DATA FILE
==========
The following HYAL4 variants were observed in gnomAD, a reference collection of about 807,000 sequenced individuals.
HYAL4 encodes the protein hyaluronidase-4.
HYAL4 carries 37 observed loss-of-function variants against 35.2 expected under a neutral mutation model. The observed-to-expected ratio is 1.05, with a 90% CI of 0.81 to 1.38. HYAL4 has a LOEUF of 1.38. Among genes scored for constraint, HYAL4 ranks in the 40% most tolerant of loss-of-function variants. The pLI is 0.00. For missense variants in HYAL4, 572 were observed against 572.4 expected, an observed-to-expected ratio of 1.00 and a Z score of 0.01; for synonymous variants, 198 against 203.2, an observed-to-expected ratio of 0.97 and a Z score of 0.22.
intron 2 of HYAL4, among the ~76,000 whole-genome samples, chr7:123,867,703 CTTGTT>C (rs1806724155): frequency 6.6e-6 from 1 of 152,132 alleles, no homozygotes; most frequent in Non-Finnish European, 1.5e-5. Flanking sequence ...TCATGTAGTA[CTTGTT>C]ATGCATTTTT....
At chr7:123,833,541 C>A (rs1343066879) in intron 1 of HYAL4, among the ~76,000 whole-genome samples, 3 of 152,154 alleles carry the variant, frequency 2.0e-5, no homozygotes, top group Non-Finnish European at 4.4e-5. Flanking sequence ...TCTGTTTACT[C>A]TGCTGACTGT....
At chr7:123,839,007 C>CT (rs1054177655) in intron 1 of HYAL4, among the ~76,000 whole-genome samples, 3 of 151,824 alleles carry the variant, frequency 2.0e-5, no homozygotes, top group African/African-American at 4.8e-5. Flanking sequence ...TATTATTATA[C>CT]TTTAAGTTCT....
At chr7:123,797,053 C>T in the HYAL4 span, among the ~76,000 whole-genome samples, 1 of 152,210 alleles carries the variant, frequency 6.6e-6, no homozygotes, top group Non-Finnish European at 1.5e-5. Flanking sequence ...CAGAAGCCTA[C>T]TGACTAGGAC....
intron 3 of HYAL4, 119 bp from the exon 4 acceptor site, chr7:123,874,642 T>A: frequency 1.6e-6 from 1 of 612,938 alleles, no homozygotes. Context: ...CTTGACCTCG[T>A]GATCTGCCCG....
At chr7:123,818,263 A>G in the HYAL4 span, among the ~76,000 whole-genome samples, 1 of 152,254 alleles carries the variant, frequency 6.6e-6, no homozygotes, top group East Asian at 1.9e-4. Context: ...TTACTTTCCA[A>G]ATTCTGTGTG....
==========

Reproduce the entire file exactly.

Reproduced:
The following HYAL4 variants were observed in gnomAD, a reference collection of about 807,000 sequenced individuals.
HYAL4 encodes the protein hyaluronidase-4.
HYAL4 carries 37 observed loss-of-function variants against 35.2 expected under a neutral mutation model. The observed-to-expected ratio is 1.05, with a 90% CI of 0.81 to 1.38. HYAL4 has a LOEUF of 1.38. Among genes scored for constraint, HYAL4 ranks in the 40% most tolerant of loss-of-function variants. The pLI is 0.00. For missense variants in HYAL4, 572 were observed against 572.4 expected, an observed-to-expected ratio of 1.00 and a Z score of 0.01; for synonymous variants, 198 against 203.2, an observed-to-expected ratio of 0.97 and a Z score of 0.22.
intron 2 of HYAL4, among the ~76,000 whole-genome samples, chr7:123,867,703 CTTGTT>C (rs1806724155): frequency 6.6e-6 from 1 of 152,132 alleles, no homozygotes; most frequent in Non-Finnish European, 1.5e-5. Flanking sequence ...TCATGTAGTA[CTTGTT>C]ATGCATTTTT....
At chr7:123,833,541 C>A (rs1343066879) in intron 1 of HYAL4, among the ~76,000 whole-genome samples, 3 of 152,154 alleles carry the variant, frequency 2.0e-5, no homozygotes, top group Non-Finnish European at 4.4e-5. Flanking sequence ...TCTGTTTACT[C>A]TGCTGACTGT....
At chr7:123,839,007 C>CT (rs1054177655) in intron 1 of HYAL4, among the ~76,000 whole-genome samples, 3 of 151,824 alleles carry the variant, frequency 2.0e-5, no homozygotes, top group African/African-American at 4.8e-5. Flanking sequence ...TATTATTATA[C>CT]TTTAAGTTCT....
At chr7:123,797,053 C>T in the HYAL4 span, among the ~76,000 whole-genome samples, 1 of 152,210 alleles carries the variant, frequency 6.6e-6, no homozygotes, top group Non-Finnish European at 1.5e-5. Flanking sequence ...CAGAAGCCTA[C>T]TGACTAGGAC....
intron 3 of HYAL4, 119 bp from the exon 4 acceptor site, chr7:123,874,642 T>A: frequency 1.6e-6 from 1 of 612,938 alleles, no homozygotes. Context: ...CTTGACCTCG[T>A]GATCTGCCCG....
At chr7:123,818,263 A>G in the HYAL4 span, among the ~76,000 whole-genome samples, 1 of 152,254 alleles carries the variant, frequency 6.6e-6, no homozygotes, top group East Asian at 1.9e-4. Context: ...TTACTTTCCA[A>G]ATTCTGTGTG....